Wednesday, October 14, 2009

Why do some Counsellors Encourage Break-ups?

Too many counsellors are quick to encourage clients to leave their marriages. Given that divorce is a traumatic, life-changing event for the couple and their children, why would counsellors encourage break-ups rather than work to save marriages?

Ethically counsellors are not meant to impose their values on clients; however it is impossible for counsellors not to operate from their own values, biases and life experience. Sadly, vulnerable clients are not functioning rationally and are usually desperately seeking direction from an “expert” and susceptible to being influenced by a counsellor they’ve put on the pedestal of authority.

It would be more honest for a counsellor to openly state at the outset of a counselling program their values to give clients an informed choice.

One counsellor might state: “I strongly believe in marriage and will do everything I can to help you save your marriage.”

Another might state: “I believe leaving an unhappy marriage is the best solution and I will help you make the break.”

Still another counsellor might fence sit and say: “I have no set view. I will help you explore the options and allow you to make up your own mind.”

Some counsellors hold the view that a marriage can run its course, that two people develop in different directions and in order to “grow” they need to “move on”.

Many female counsellors encourage women to break free from “controlling” husbands to discover independence and liberation. They believe they are performing a great service in helping their client find the courage to leave their unhappy marriage.

When you scratch the surface you discover that most of these counsellors are divorced or separated themselves. Having escaped painful marriages in the past, they are now on a mission to “save” other downtrodden spouses. I suspect they could be projecting their own issues, and unresolved anger and bitterness, onto their clients to justify their own choices.

I also see counsellors misusing the co-dependency model. Co-dependency was a term coined in the 70s, which applied to marriages between an alcoholic or drug addict and an “enabling” partner. It identified dynamics such as how the addict manipulates their spouse into supplying their drug, turning a blind eye or covering up for their habit. For the addict to overcome the addiction, the enabling partner has to leave temporarily. The caring spouse must also protect themself from being emotionally drained by the addict’s demands.

This concept of dysfunctional co-dependence has been wrongly applied to normal marriage. Granted there are destructive habits within marriages such as physical and verbal abuse, which are completely unacceptable and must be eliminated. However these serious problems can be solved without terminating a marriage permanently.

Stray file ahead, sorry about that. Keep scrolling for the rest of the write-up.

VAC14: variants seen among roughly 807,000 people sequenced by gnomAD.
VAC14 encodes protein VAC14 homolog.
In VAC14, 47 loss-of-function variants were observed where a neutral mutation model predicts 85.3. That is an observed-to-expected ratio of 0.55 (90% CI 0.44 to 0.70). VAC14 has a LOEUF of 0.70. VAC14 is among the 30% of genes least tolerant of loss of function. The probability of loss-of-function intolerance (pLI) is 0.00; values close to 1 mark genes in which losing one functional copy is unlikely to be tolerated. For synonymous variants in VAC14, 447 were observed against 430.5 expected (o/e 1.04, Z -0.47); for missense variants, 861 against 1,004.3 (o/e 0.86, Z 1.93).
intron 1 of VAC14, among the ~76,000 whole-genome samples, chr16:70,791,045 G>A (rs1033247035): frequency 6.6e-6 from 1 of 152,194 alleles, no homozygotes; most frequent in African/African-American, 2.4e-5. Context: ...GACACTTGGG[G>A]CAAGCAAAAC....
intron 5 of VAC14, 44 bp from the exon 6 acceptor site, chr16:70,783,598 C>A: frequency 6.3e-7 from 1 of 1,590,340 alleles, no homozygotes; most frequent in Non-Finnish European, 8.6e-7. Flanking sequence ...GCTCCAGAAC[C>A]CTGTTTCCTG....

To care for the needs of your partner and to want to be loved is NOT co-dependent. The desire to give and receive emotional support is normal and natural. Humans are wired to grow up and leave parents and seek an intimate lifelong connection with a loving partner and raise a family together. This is healthy interdependence.

There’s another reason why counsellors are quick to give up on couples in crisis. Effective marital therapy is complex and requires great skill, patience and perseverance from the counsellor. It is one of the hardest forms of counselling.

In fact marital therapy has a low success rate because there are so few skilled marriage counsellors. It is easier to throw in the towel and give up on a couple, with an attitude: “Well, it’s just too hard. Why don’t you break up and put us all out of our misery!”

So I will state my values openly. I believe that divorce is an agonising tragedy to be avoided at all costs. I believe that marriage is worth saving and that it is possible to build a strong, happy marriage despite conflict and crisis, once you discover how.

I know this because we’ve been there. Our marriage survived despite the misguided advice of counsellors and friends with their own agendas. Fortunately, we found a pro-marriage counsellor and supportive friends who valued our marriage enough to help us save it.

1 comment:

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